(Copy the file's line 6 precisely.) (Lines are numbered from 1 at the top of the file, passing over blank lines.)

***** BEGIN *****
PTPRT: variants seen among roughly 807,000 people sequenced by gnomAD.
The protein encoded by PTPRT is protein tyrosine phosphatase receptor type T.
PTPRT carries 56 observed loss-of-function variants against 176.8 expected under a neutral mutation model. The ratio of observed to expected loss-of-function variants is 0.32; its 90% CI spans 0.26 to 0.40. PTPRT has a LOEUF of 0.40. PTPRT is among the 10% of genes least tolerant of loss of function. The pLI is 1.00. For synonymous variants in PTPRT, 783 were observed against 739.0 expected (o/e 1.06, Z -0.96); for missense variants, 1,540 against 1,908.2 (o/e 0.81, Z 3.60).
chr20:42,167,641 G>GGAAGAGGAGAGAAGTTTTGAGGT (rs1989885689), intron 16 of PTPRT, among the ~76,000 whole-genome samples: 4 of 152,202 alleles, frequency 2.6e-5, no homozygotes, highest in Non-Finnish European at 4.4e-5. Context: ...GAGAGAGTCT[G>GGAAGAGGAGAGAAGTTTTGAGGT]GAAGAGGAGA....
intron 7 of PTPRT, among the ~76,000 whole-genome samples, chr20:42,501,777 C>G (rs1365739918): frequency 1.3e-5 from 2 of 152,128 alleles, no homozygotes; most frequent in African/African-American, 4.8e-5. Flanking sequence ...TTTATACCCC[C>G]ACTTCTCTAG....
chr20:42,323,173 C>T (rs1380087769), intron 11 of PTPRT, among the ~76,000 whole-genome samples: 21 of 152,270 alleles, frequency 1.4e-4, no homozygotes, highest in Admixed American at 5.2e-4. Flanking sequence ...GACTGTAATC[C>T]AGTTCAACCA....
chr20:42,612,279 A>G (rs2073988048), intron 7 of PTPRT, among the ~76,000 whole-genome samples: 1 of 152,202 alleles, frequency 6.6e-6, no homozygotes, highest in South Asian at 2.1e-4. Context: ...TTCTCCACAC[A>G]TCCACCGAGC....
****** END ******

chr20:42,323,173 C>T (rs1380087769), intron 11 of PTPRT, among the ~76,000 whole-genome samples: 21 of 152,270 alleles, frequency 1.4e-4, no homozygotes, highest in Admixed American at 5.2e-4. Flanking sequence ...GACTGTAATC[C>T]AGTTCAACCA....